And it is here we get back to my point about the definition of therapy. You see, it must surely be beneficial to have a place where I can speak openly and candidly in a way that I cannot with friends. You can be open with friends to a point, and I can quite happily explain that yes, I have suicidal thoughts or yes, there are some rather weird delusions that can strike from time to time. But you simply cannot, every single time someone asks ‘how are you’, reply ‘yeah mate fine, apart from like 10 to 10:15 where shit got real and I thought about chucking myself in front of a bus but oh, that passed pretty quick, now I’m just thinking about what to have for lunch. Sup with you?’

Or maybe, maybe I don’t need any of that kind of open interaction with a therapist. Maybe I just need to keep ploughing forward. It isn’t like I’m hiding anything or repressing anything, it’s here, I’m open about it, I know what I’m dealing with and I know where I’m going.

If you made it this far, thoughts?

FullSizeRender (7)

Bipolar Diary – A month of good, solid progress

On Monday just gone, it was exactly a month since I received my letter giving me the details for my back to work program. I can say with confidence that not only has the last month seen real, measurable progress, it has also brought, for the first time I can remember in this whole debacle that has stretched on in total for a decade, genuine, tangible hope. The hope and belief is there that I can have a productive, successful future that isn’t dominated by mental illness*. It is realistic hope, realistic belief. Each day brings with it more clarity. Understanding the reasons behind the way I am has given me a map so that not only can I understand the past, but I can also set a course for the future. For the first time since bipolar entered my life I am working from a solid foundation of understanding and knowledge.  With this clarity comes new, real strength.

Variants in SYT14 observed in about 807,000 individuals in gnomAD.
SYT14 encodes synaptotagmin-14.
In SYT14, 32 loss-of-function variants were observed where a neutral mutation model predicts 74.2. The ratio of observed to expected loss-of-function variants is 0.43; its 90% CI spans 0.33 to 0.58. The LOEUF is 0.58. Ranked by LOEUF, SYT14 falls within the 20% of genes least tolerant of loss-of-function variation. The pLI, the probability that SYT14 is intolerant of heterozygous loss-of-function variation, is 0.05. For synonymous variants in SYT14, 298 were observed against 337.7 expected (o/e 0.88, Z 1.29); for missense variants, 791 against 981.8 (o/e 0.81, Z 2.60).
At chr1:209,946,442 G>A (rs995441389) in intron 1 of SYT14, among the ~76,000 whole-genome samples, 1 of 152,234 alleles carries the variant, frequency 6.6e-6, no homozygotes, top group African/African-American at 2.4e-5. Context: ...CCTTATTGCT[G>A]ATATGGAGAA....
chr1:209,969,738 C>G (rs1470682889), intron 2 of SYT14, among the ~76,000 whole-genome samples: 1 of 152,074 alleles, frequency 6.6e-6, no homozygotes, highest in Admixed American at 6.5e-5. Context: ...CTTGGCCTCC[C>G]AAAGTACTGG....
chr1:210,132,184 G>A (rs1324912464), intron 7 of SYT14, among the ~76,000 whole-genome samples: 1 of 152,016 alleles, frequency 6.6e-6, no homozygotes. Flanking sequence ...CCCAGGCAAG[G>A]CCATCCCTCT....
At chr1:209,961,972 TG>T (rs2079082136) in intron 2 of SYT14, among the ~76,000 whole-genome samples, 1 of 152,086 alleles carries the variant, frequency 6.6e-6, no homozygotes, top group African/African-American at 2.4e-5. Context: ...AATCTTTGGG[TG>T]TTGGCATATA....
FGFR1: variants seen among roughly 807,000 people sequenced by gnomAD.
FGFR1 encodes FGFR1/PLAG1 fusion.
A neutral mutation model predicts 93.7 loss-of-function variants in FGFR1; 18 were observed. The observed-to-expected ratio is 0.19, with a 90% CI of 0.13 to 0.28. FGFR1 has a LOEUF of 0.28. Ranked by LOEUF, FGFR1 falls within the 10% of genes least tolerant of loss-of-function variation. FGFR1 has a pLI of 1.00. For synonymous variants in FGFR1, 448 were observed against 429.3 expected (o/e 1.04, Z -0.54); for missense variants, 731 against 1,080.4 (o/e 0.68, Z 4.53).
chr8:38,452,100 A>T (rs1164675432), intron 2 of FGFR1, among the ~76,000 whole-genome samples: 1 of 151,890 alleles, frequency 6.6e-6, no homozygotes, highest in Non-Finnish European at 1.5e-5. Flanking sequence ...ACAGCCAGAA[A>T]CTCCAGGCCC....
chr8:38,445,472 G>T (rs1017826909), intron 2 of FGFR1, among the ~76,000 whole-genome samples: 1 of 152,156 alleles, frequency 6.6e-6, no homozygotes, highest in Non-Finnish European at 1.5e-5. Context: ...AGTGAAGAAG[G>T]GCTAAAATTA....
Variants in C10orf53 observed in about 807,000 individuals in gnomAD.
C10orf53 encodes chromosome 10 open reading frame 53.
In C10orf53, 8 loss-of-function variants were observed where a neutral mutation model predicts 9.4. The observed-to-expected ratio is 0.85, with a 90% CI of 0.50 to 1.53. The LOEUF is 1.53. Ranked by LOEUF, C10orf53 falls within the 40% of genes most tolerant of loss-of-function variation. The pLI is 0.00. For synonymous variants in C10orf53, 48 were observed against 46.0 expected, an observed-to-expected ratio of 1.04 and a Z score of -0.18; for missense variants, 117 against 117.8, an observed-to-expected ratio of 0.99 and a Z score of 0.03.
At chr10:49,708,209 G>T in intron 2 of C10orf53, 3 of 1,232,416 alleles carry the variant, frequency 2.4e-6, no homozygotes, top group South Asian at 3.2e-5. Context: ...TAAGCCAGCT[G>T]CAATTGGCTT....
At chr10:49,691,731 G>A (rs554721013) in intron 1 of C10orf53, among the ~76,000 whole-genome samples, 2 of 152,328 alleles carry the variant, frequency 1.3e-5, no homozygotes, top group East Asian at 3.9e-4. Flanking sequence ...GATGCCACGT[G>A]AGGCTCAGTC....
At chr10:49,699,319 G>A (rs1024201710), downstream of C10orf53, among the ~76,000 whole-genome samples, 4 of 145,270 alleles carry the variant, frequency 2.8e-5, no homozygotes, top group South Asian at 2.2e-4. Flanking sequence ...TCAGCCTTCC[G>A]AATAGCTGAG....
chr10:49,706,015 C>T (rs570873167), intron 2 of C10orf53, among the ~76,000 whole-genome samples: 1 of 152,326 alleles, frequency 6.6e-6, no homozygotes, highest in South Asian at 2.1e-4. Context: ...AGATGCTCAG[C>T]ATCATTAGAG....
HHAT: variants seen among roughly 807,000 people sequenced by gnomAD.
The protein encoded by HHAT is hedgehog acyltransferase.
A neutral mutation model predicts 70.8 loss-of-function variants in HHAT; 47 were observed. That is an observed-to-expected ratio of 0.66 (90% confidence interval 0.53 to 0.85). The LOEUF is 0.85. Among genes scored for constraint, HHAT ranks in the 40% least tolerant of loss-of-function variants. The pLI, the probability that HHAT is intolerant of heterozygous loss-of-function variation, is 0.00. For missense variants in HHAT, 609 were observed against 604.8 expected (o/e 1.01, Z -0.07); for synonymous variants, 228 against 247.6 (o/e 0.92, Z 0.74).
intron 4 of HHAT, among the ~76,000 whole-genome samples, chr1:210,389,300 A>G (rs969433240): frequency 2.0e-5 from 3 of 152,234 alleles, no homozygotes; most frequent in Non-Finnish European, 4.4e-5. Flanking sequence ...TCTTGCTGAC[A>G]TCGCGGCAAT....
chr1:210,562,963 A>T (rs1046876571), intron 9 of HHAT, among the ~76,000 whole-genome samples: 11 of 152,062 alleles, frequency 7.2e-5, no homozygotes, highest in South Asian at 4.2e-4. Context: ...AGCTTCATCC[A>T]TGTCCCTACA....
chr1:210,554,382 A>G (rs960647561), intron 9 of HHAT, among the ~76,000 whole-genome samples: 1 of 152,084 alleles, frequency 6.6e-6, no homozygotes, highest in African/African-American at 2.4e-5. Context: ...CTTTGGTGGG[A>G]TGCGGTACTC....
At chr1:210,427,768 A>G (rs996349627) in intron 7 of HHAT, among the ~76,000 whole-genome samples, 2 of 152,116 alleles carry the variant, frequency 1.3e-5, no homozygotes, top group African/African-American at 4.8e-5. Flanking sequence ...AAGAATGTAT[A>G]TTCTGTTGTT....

I use words like real and realistic because those are the right descriptions now; my hope and belief is concrete and based on knowledge, not the faulty thinking of a mind blinking its way out of depression or in the midst of an episode of over-optimistic exuberance.

I am also aware and comfortable – or as comfortable as I can be – with the fact that it’s still early days and that things will come along that will test my resolve and faith (an interesting counselling session for example, which I’ll be discussing soon), but being prepared in advance is a huge relief.

*That is a concept I am still getting to grips with, as there is a certain truth to the fact that actually, the future will be dominated by having and dealing with bipolar, whilst the management of it will ripple through all facets of my life: social, personal, professional. In that regard, dominate is the right word, but also, there is room enough for success and happiness in each of those fields. So I suppose, in a way, if I put all my knowledge, plans and intentions into achieving the life I want, I will be dominating it

Cooking dinner for someone is definitely one of life’s pleasures

Last Thursday one of my closest friends came round for dinner and I decided I’d cook something special. I plumped for a combination that was indulgent – Dauphinoise potatoes with duck breast – and paired that with something refreshing and healthy – a veggie and fruit juice.

Double cream, potatoes, garlic, salt and pepper, hmmm

Double cream, potatoes, garlic, salt and pepper, hmmm

The ingredients for the juice, not including the salt. There was also ginger in it too.

The ingredients for the juice, not including the salt. There was also ginger in it too.

That's what it looks like when it's done, lovely and green

That’s what it looks like when it’s done, lovely and green